Monetizing Internet city-states

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Taxation is the source of revenue for city-states. It happened in Roman times, it happened in Egyptian times, it happens today. Why, then, do so many online communities insist on letting outside institutions buy real estate on their local billboards as the main form of revenue? Facebook and Twitter didn’t have to be advertising companies. They had a critical mass of loyal citizens who ostensibly would be willing to pay for services the same way Americans pay for police, public school, and roads. They could have been online city-states. I like what 4Chan and Reddit are doing, to this effect. I bet the latter communities last longer than we expect them to, because they are treating the citizens of their communities as constituents, rather than product.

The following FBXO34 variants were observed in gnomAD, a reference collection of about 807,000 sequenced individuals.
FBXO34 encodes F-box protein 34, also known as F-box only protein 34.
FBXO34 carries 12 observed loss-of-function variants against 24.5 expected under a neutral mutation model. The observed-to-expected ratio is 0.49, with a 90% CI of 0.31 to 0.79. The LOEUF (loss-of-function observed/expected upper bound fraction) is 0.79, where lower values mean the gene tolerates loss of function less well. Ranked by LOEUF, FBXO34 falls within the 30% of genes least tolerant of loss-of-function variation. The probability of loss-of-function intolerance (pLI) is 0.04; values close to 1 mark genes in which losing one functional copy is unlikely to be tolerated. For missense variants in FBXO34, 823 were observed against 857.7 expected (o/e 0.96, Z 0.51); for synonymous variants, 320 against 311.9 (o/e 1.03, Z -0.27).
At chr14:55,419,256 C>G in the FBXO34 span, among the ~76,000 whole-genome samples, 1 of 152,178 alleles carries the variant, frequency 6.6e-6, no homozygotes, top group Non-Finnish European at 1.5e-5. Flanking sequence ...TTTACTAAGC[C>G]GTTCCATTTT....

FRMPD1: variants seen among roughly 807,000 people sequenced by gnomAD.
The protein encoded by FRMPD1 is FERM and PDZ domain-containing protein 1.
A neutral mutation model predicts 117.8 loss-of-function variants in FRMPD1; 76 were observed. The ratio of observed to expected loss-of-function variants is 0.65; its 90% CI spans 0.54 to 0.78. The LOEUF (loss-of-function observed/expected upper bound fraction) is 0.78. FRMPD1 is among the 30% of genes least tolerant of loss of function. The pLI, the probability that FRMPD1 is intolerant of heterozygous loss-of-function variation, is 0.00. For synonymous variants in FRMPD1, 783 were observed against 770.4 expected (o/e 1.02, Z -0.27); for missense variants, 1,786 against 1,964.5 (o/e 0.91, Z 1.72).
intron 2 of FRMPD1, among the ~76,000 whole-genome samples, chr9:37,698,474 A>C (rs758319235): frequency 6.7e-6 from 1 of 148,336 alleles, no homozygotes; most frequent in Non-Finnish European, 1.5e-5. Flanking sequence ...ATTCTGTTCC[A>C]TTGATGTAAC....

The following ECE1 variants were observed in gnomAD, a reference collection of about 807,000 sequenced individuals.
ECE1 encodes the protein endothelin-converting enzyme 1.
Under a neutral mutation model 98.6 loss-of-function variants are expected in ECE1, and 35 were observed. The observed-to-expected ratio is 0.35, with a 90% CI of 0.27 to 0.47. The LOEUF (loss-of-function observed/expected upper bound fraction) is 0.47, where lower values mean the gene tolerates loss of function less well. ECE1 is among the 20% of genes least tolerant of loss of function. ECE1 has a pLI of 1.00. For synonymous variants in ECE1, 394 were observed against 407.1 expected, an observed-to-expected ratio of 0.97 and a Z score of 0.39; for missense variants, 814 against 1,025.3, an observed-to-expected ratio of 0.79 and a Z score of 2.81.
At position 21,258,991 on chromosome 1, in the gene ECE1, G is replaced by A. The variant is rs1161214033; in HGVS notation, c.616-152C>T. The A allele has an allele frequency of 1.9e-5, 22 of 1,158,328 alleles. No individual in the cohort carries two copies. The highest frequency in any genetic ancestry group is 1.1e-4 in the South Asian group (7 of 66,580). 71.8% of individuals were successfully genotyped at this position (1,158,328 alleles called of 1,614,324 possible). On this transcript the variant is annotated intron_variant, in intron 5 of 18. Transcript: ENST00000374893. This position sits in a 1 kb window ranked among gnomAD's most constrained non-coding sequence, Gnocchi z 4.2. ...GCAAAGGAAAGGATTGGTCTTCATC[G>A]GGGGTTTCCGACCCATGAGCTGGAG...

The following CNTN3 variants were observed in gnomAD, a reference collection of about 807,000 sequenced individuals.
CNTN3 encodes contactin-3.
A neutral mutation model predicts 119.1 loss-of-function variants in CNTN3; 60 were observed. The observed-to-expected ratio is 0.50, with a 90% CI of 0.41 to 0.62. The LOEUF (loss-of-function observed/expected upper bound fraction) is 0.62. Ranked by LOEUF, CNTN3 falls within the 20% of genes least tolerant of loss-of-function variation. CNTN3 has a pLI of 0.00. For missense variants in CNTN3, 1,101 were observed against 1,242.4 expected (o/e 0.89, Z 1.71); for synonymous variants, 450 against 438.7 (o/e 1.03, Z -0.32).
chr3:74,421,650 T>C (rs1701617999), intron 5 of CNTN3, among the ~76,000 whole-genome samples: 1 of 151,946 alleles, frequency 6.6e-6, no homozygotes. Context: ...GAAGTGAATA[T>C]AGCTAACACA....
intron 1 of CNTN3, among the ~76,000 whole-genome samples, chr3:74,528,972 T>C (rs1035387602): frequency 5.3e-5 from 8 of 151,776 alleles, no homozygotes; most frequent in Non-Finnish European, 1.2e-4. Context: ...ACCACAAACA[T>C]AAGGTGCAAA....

Sometimes I (and plenty of others) feel like Mark Zuckerberg and Dick Costolo are farmers and we are the crop. Yishan Wong and moot have an opportunity to be governors, or mayors. And when it comes to how they administer their sites and deal with community conflict, the differences are clear. Zuck and Dick’s constituents are clearly advertisers (though there is a tension there.) I don’t agree with everything that happens on Reddit or 4Chan communities – in fact I’m uncomfortable about most of it – but I think they operate with an unusual form of integrity. Unlike governments, which can go into debt, and even sometimes bankruptcy, companies need revenue or else they don’t exist. But online advertising revenue doesn’t seem to be easier to scale than online tax revenue. Ask any Wall Street analyst. The latter just feels like the more sensible system – the one likelier to last.

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